I began my higher ed career in early 2008. From the outset, colleagues talked about the “core” site and how we would re-design it that year. I had no idea what core site meant so I asked (in my interviews, the term core was not used, just the generic “site”). They told me it was the homepage, the landing pages for each of the global navigation areas, a couple of pages below those landing pages and all the featured news stories (not to be confused with regular news). After a short while, I came to realize that the core site was, essentially, all the pages left over once you took out all of the other sites — the academic departments, administrative departments, athletics, clubs and orgs, etc. The core consisted of maybe three dozen pages, if that. It was those three dozen pages that were to be re-designed by the team during the course of 2008. This struck me as odd given that I came from an agency where a three dozen page site with nearly no functionality would take maybe two months to complete even with other projects on my plate. How could such a small portion of the site take so long to re-design? And, why did the re-design project only include the “core” pages? What about the rest of it? Why did everyone talk about the site as a loose confederation of smaller sites instead of as a comprehensive, cohesive whole?
The answer to those questions revolved around the university’s decentralized management model for the web. It meant, and still means, that each group on campus inherently controls their own website independent from everyone else’s. Similarly, the web team (my team) controlled the core site. To put some context around this, let me state the web team’s two fold function:
- To market the university through the so called “core pages.”
- To offer our web expertise, via a client-vendor relationship, to university groups who need help.
The key to this post is the word market. It’s our job to sell the university — to attract new students and then convince them to apply and enroll. In this regard, our audience is prospective students. However, the admissions department is also charged with attracting new students and marketing the university. So too is the brand marketing group. On top of all that, the bigger schools on campus, like law and business, also house a team of marketing types to drive their enrollment. Do you see where this is going? None of these groups are part of the same team nor reporting structure. Only the brand marketing and web groups live under the same vice chancellor, but on a day-to-day basis they are wholly independent from one another. You can see how this decentralized model creates duplication and a potential for groups with the same mission to work at cross purposes.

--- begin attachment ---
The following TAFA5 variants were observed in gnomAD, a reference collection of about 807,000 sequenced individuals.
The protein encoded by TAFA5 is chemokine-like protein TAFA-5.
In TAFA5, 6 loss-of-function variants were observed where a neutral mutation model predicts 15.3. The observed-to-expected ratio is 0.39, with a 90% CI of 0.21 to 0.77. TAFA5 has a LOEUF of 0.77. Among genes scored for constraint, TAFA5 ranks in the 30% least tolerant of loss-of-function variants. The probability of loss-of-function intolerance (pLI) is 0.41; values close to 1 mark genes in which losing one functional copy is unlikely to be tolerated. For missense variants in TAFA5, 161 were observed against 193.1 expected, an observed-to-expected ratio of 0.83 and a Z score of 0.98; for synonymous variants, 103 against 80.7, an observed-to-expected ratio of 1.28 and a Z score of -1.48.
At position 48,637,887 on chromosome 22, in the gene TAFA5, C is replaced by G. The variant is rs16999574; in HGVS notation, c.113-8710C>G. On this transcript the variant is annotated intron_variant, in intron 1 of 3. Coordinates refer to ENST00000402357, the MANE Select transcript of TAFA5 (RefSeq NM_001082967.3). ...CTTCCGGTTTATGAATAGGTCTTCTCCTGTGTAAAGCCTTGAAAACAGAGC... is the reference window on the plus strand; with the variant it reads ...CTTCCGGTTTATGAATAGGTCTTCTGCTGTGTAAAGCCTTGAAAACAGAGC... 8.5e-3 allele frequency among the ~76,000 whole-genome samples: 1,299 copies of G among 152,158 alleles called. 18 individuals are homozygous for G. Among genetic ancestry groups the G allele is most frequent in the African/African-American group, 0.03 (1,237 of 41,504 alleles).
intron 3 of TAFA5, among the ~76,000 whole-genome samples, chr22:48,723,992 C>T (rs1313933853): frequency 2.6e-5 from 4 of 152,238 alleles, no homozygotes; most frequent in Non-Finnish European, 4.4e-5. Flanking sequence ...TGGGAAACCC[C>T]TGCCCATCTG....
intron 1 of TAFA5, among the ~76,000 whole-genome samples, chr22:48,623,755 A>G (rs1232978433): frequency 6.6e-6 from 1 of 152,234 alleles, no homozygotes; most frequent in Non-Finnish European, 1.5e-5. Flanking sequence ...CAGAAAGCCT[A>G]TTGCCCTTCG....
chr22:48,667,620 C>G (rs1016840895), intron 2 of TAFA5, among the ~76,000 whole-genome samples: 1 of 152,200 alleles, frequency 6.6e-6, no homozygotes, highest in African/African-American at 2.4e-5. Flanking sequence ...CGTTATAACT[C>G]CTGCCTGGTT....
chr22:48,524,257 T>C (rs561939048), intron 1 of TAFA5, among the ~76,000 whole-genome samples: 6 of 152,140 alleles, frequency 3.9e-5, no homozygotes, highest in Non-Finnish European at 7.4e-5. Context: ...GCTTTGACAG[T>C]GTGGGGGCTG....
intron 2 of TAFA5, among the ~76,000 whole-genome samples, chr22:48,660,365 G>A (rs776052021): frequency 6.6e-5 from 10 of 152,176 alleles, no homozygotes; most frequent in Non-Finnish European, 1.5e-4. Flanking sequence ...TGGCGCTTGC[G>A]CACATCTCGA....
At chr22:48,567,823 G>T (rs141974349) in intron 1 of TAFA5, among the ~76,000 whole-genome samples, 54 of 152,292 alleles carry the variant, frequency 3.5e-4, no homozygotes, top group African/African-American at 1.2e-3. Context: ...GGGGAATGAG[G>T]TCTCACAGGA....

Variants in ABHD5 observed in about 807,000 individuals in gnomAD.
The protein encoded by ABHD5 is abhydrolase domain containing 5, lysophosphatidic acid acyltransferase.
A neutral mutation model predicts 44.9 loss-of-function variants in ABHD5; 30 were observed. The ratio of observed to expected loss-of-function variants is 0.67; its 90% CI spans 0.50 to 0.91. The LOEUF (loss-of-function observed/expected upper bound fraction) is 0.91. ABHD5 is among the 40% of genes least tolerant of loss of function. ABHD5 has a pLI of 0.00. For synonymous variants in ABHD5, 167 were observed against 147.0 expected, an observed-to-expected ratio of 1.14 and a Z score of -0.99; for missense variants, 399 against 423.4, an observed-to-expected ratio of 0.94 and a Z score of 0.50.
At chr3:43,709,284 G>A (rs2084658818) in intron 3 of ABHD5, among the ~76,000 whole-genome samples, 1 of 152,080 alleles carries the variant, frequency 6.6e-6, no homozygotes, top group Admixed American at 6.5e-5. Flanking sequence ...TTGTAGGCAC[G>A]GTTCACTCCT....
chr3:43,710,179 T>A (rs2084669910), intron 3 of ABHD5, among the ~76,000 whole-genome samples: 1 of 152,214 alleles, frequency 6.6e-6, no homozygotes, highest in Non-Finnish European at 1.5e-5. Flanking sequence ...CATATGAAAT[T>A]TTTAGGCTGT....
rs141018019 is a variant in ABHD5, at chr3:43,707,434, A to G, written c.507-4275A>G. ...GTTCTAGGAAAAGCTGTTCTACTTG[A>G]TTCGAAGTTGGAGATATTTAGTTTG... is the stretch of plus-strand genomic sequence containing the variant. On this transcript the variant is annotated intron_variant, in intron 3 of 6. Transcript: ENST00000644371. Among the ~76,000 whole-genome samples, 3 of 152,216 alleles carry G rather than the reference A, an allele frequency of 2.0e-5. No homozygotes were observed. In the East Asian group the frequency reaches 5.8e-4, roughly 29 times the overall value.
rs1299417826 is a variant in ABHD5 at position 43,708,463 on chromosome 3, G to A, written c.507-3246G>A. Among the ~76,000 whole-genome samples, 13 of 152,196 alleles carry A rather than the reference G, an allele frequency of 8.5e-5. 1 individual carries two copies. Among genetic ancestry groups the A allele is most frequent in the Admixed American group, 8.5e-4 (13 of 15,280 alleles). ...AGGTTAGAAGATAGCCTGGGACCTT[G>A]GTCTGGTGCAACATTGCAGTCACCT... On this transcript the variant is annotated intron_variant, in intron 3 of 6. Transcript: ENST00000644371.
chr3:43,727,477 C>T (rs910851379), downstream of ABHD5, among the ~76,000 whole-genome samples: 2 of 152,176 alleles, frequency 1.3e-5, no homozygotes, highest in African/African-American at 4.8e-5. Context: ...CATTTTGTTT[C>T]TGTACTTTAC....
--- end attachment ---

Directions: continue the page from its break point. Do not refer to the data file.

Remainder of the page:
If you combine the problems of multiple groups doing the same thing independent of one another with the notion of each one managing and controlling their own sites under the university’s umbrella website address, things become even more confused. Finally, add to the mix all the other campus units — the academics departments, administrative departments, etc. — controlling and dictating their own sites and you have the confusion that is a higher ed website.
And so we arrive at the title to this post. If the job of the university’s site is first and foremost to attract and convince prospective students to apply and attend our institution, then shouldn’t the entire site be managed under a single vision and with a single plan? I realize there are other audiences that a higher ed site needs to address, but that can be accomplished through audience segmentation. For our purposes here, the only audience that matters is prospects. In those terms, what’s the difference between the admissions website from the overall website? I don’t think there is a difference either from a website management perspective nor from a prospective student perspective. So I offer up some advice: end the confusion of all these multiple sites and simplify down to one — The Site — with the address www.yourSchoolName.edu. What are the characteristics of The Site?:
- The Site is focused on the needs and wishes of potential students. There is no obvious overlap or inclusion of information intended for any of the other audiences. That only confuses what should be a straightforward pitch. Other groups have their own place tailored to their wishes and needs.
- The Site is about presenting the true value of the institution in honest, proactive and engaging terms. It’s not about marketing what the university wishes it could be or hopes people will like. It’s the difference between authenticity and spin.
- The Site is about presenting a single design / a single brand / a single experience for prospective students. It’s not about communicating as many different sites as there are groups on campus. That’s just confusing and divisive.
- The Site engages people in conversation, connects them with the information they want and creates desire within them to act. It does not create hurdles, try to be clever nor put itself ahead of it’s customers.
- The Site is confident in itself. It doesn’t pretend to be 18, doesn’t attempt to sound 18 nor want to be 18. It does have confidence that 18 year olds can speak on its behalf to other 18 year olds. It is confident that site visitors and current students can interact with one another in positive ways. It is confident in providing the necessary tools and platforms for those interactions to take place.